As the world’s largest association for business education, AACSB connects educators, businesses, nonprofits, government, and lifelong learners as a force for good in the world. Driving positive societal impact through its accreditation standards and global network of more than 1,800 members in over 100 countries and territories, AACSB, in collaboration with the world’s business leaders, changemakers, thought leaders and social entrepreneurs, can change the trajectory of business education from a focus solely on profit to one on purpose and making a positive impact on society.
This action begins with the work of the AACSB Collective, which includes groups of accelerators comprising stakeholders from diverse business schools, businesses, nonprofits, government, and learners focused on rapidly building the leadership framework that defines the knowledge, skills, and behaviors required to inspire change and make an impact.
This work will lead to a new business philosophy and intellectual framework for leadership to guide business schools in developing educated, skilled, and empathetic leaders who can succeed within business models focused on sustainability and purpose.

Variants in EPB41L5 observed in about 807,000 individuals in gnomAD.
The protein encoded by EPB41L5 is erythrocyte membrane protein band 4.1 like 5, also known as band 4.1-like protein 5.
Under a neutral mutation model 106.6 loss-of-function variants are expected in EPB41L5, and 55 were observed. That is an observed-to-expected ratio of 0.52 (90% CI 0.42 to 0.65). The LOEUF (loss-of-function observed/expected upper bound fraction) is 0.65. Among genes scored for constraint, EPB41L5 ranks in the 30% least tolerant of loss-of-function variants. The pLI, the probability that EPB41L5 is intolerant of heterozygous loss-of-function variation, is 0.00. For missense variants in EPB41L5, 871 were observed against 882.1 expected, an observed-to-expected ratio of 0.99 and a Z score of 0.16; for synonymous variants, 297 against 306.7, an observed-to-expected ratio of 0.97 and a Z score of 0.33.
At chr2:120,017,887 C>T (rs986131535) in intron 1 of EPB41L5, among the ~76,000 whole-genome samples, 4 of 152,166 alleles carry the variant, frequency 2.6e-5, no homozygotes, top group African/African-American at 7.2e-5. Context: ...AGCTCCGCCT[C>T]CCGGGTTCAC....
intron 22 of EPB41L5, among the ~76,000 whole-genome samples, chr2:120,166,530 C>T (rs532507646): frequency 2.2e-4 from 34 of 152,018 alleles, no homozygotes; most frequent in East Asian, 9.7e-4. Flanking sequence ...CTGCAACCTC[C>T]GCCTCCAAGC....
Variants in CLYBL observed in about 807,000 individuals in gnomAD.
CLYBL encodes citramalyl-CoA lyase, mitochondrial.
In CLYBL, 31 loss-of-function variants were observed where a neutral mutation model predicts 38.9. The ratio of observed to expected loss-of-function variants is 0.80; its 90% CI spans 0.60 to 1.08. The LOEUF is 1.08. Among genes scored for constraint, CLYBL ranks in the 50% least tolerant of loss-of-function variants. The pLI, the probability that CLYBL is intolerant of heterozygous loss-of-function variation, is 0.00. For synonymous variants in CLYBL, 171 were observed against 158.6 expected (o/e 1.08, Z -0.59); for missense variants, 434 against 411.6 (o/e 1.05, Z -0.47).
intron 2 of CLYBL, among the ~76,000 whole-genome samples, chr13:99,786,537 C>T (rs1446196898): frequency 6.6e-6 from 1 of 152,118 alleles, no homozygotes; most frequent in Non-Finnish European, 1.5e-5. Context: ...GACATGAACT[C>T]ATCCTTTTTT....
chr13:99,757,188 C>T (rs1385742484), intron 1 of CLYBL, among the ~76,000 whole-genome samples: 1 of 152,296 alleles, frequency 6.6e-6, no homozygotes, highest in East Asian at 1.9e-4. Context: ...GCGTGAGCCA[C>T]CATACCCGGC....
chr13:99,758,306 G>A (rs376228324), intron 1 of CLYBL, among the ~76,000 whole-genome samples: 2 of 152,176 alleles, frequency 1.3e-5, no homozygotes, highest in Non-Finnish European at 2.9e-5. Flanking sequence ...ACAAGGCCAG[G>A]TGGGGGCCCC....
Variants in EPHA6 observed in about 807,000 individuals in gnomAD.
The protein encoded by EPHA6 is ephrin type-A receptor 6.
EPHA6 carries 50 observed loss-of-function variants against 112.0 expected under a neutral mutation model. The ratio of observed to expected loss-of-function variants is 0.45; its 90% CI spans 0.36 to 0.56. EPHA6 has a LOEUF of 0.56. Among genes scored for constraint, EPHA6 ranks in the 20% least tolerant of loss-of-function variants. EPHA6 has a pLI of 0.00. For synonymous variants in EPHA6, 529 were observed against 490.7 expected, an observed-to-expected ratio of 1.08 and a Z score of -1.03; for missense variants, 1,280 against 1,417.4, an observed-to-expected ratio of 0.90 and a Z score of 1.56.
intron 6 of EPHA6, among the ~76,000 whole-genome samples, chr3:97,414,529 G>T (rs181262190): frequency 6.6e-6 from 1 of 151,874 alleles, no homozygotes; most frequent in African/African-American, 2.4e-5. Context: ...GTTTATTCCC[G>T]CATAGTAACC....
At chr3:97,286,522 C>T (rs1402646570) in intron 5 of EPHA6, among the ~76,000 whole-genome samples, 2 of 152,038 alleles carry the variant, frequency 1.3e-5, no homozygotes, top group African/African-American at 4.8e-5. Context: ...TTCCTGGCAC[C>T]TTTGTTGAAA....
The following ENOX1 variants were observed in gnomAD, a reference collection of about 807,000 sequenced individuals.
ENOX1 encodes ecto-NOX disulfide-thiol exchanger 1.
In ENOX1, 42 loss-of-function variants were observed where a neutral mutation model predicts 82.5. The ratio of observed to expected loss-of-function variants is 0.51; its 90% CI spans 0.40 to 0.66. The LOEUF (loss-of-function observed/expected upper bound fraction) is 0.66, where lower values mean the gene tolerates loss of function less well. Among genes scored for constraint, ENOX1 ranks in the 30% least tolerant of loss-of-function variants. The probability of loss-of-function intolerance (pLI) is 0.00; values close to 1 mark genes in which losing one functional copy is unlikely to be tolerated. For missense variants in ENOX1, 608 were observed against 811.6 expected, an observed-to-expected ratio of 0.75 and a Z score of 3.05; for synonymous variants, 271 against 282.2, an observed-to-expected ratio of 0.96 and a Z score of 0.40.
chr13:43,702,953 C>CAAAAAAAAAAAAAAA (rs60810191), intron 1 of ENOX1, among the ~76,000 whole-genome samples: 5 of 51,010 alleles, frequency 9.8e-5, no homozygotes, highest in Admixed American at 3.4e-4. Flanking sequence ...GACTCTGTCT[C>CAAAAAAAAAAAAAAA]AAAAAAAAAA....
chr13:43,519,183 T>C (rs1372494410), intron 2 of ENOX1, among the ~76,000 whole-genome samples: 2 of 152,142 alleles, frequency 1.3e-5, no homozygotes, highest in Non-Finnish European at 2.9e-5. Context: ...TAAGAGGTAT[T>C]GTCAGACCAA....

As a testament to the importance of this initiative, members of AACSB’s inaugural accelerator include leaders representing companies in all corners of industry including:
- Dr. Kristin Joys, Chair, Teaching & Curriculum Innovation, B Academics
- Olivia Scriven, Federal Disaster Recovery Officer, FEMA
- Michiel Bakker, Vice President, Global Workplace Programs, Google
- Steve Kappler, President, Enactus
- Erik Thrasher, VP Strategic Partnerships and Global Lead, DE&I in Education Publishing, Wiley
- Jan-Willem Vosmeer, Global Manager, Sustainable Development & Stakeholder Engagement, Heineken
- Austin Okere, Founder and Vice Chairman CWG Plc
- Katie Pedley, Director R&D Liaison, Global Higher Education, ETS
- Heather MacCleoud, Chief Network Officer, Ashoka U, Ashoka
The work of the first AACSB accelerator will be featured and explored at the AACSB Societal Impact Conference, held October 24-25, 2022, in New York City, where influential leaders will further define the framework for societal impact leaders as well as the partner alliances needed to train and prepare future leaders that will create positive societal change.
While our challenges may be great, our potential to solve them is even greater. AACSB is calling on global business and government leaders, business educators, and all those committed to positively impacting society to join the AACSB Collective and challenge how we develop global leaders, ultimately designing a new leadership framework for lasting positive societal impact. Learn more about how AACSB is leading this effort, and how you can get involved.